Backgrounds: Snake antivenom (SAV) is the definitive treatment for snake envenomation. But SAVs are specific, expensive and limited in supply. SAVs also come with risk of adverse reactions. Hence, this study was conducted to assess the use of SAV, adverse reactions to SAV and its clinical outcomes in snakebite patients.
Methods: This was a retrospective study. Medical records of snakebite patients for the period from January 2014 to September 2017 were reviewed and study data was extracted. Clinical outcomes were measured by mortality rate in those receiving SAV.
Results: Among 165 subjects, only 9 patients (5%) were treated with SAV after presenting with envenomation symptoms in which five cases with identified snakes were given monovalent SAV namely pit viper (two cases), king cobra, sea snake and cobra with one case each. Meanwhile, three cases of unidentified snake received polyvalent SAV and one case received pit viper SAV. Most of the patients (8/9, 88.9%) received SAV within 24 hours after snakebite. The average time gap to first administration was 7.23 hours. In patients receiving SAV, six out of 9 cases required two to four vials of SAV. All the patients receiving SAV did not encounter any adverse effects except a child who had pyrogenic reaction. All patients survived without significant morbidity at discharge. The total cost of SAV for the 9 patients was US$ 24,082.68.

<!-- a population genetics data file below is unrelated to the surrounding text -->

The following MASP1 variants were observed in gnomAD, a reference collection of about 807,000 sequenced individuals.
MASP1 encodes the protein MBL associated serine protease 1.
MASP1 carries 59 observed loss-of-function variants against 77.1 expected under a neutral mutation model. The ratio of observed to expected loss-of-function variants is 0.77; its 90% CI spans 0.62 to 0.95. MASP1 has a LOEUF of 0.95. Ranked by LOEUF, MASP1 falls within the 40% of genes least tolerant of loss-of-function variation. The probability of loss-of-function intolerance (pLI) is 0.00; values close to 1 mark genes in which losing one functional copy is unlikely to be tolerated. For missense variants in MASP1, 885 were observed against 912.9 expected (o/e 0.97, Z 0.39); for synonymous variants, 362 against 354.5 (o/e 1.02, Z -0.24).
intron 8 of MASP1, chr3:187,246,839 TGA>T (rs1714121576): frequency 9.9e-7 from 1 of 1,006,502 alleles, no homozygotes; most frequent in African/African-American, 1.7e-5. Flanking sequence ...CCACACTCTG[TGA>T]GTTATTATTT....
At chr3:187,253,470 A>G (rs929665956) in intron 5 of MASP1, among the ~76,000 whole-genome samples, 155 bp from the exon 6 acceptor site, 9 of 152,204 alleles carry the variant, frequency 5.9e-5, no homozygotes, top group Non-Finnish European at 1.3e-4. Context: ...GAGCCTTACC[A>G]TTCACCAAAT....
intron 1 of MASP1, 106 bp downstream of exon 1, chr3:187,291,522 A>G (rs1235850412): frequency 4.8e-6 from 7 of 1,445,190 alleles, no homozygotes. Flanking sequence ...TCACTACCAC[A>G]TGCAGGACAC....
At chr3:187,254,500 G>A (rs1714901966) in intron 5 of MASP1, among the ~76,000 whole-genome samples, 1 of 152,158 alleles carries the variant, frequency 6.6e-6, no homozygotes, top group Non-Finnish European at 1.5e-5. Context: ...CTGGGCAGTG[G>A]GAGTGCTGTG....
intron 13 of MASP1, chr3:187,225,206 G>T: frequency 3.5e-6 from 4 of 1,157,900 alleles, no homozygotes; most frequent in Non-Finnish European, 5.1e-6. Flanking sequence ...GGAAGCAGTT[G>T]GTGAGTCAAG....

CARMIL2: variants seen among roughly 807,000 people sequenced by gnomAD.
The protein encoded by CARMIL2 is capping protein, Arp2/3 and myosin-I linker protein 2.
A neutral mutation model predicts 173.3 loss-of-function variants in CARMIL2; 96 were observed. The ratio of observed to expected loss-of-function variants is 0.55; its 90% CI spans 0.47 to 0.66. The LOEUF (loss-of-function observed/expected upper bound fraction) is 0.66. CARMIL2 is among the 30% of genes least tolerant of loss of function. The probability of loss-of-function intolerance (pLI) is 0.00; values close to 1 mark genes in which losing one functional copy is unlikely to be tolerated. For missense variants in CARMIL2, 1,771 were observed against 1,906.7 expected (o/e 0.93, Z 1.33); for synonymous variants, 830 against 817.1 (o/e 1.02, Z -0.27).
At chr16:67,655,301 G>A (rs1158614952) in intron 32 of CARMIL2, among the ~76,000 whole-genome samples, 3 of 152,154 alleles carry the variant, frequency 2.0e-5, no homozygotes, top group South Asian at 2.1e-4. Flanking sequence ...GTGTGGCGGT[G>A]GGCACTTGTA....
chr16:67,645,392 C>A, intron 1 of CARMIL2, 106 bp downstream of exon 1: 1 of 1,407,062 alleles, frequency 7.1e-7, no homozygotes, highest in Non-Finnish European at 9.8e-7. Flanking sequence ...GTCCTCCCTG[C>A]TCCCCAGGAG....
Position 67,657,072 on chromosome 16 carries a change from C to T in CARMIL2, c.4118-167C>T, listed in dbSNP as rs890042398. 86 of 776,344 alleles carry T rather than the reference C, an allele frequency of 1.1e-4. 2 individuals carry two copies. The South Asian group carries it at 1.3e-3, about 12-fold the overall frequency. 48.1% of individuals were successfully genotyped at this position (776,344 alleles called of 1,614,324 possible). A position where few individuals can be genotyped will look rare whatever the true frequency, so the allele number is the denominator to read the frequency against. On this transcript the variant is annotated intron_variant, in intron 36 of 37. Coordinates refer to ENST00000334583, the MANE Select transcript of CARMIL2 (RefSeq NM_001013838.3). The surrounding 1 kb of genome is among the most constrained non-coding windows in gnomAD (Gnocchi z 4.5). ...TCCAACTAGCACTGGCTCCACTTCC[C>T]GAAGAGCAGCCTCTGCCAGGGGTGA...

Conclusion: From this study, the incidence of snakebites requiring SAV was low. Low incidences of adverse effects and no mortality were observed in patients receiving SAV.